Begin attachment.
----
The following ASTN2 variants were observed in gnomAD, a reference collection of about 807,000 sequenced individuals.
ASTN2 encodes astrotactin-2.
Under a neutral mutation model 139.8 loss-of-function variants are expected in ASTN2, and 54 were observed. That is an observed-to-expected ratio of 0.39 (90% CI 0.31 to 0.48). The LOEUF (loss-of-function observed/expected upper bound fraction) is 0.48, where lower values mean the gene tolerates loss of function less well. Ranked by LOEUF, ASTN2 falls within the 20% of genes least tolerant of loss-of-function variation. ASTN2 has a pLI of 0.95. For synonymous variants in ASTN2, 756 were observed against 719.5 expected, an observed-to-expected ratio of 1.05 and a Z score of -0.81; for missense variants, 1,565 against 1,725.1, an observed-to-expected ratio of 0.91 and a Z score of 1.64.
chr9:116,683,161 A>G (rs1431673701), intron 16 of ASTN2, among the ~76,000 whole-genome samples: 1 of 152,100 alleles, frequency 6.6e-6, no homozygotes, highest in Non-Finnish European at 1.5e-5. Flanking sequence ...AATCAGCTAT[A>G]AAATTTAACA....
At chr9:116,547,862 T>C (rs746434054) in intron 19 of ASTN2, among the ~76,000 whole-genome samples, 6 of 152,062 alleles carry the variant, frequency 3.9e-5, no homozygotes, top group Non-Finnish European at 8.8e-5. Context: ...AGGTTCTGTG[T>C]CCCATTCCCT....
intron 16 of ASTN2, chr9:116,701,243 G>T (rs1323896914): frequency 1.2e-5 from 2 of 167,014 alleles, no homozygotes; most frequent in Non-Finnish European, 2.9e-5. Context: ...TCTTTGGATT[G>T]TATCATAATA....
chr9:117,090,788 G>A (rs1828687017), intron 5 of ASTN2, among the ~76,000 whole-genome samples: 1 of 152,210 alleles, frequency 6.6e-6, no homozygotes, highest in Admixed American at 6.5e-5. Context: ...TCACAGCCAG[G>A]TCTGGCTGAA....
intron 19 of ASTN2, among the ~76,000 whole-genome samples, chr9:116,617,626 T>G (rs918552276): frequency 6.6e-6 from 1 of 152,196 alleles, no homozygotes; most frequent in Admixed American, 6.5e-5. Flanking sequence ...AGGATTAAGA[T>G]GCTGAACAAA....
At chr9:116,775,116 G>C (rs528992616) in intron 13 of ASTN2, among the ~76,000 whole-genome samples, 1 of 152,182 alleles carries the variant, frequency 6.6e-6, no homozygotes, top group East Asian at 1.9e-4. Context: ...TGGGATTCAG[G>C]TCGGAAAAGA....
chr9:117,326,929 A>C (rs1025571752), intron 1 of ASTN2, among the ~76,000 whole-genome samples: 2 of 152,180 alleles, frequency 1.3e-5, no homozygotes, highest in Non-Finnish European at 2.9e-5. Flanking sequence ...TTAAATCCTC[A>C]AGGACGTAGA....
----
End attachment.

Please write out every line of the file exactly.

The following ASTN2 variants were observed in gnomAD, a reference collection of about 807,000 sequenced individuals.
ASTN2 encodes astrotactin-2.
Under a neutral mutation model 139.8 loss-of-function variants are expected in ASTN2, and 54 were observed. That is an observed-to-expected ratio of 0.39 (90% CI 0.31 to 0.48). The LOEUF (loss-of-function observed/expected upper bound fraction) is 0.48, where lower values mean the gene tolerates loss of function less well. Ranked by LOEUF, ASTN2 falls within the 20% of genes least tolerant of loss-of-function variation. ASTN2 has a pLI of 0.95. For synonymous variants in ASTN2, 756 were observed against 719.5 expected, an observed-to-expected ratio of 1.05 and a Z score of -0.81; for missense variants, 1,565 against 1,725.1, an observed-to-expected ratio of 0.91 and a Z score of 1.64.
chr9:116,683,161 A>G (rs1431673701), intron 16 of ASTN2, among the ~76,000 whole-genome samples: 1 of 152,100 alleles, frequency 6.6e-6, no homozygotes, highest in Non-Finnish European at 1.5e-5. Flanking sequence ...AATCAGCTAT[A>G]AAATTTAACA....
At chr9:116,547,862 T>C (rs746434054) in intron 19 of ASTN2, among the ~76,000 whole-genome samples, 6 of 152,062 alleles carry the variant, frequency 3.9e-5, no homozygotes, top group Non-Finnish European at 8.8e-5. Context: ...AGGTTCTGTG[T>C]CCCATTCCCT....
intron 16 of ASTN2, chr9:116,701,243 G>T (rs1323896914): frequency 1.2e-5 from 2 of 167,014 alleles, no homozygotes; most frequent in Non-Finnish European, 2.9e-5. Context: ...TCTTTGGATT[G>T]TATCATAATA....
chr9:117,090,788 G>A (rs1828687017), intron 5 of ASTN2, among the ~76,000 whole-genome samples: 1 of 152,210 alleles, frequency 6.6e-6, no homozygotes, highest in Admixed American at 6.5e-5. Context: ...TCACAGCCAG[G>A]TCTGGCTGAA....
intron 19 of ASTN2, among the ~76,000 whole-genome samples, chr9:116,617,626 T>G (rs918552276): frequency 6.6e-6 from 1 of 152,196 alleles, no homozygotes; most frequent in Admixed American, 6.5e-5. Flanking sequence ...AGGATTAAGA[T>G]GCTGAACAAA....
At chr9:116,775,116 G>C (rs528992616) in intron 13 of ASTN2, among the ~76,000 whole-genome samples, 1 of 152,182 alleles carries the variant, frequency 6.6e-6, no homozygotes, top group East Asian at 1.9e-4. Context: ...TGGGATTCAG[G>C]TCGGAAAAGA....
chr9:117,326,929 A>C (rs1025571752), intron 1 of ASTN2, among the ~76,000 whole-genome samples: 2 of 152,180 alleles, frequency 1.3e-5, no homozygotes, highest in Non-Finnish European at 2.9e-5. Flanking sequence ...TTAAATCCTC[A>C]AGGACGTAGA....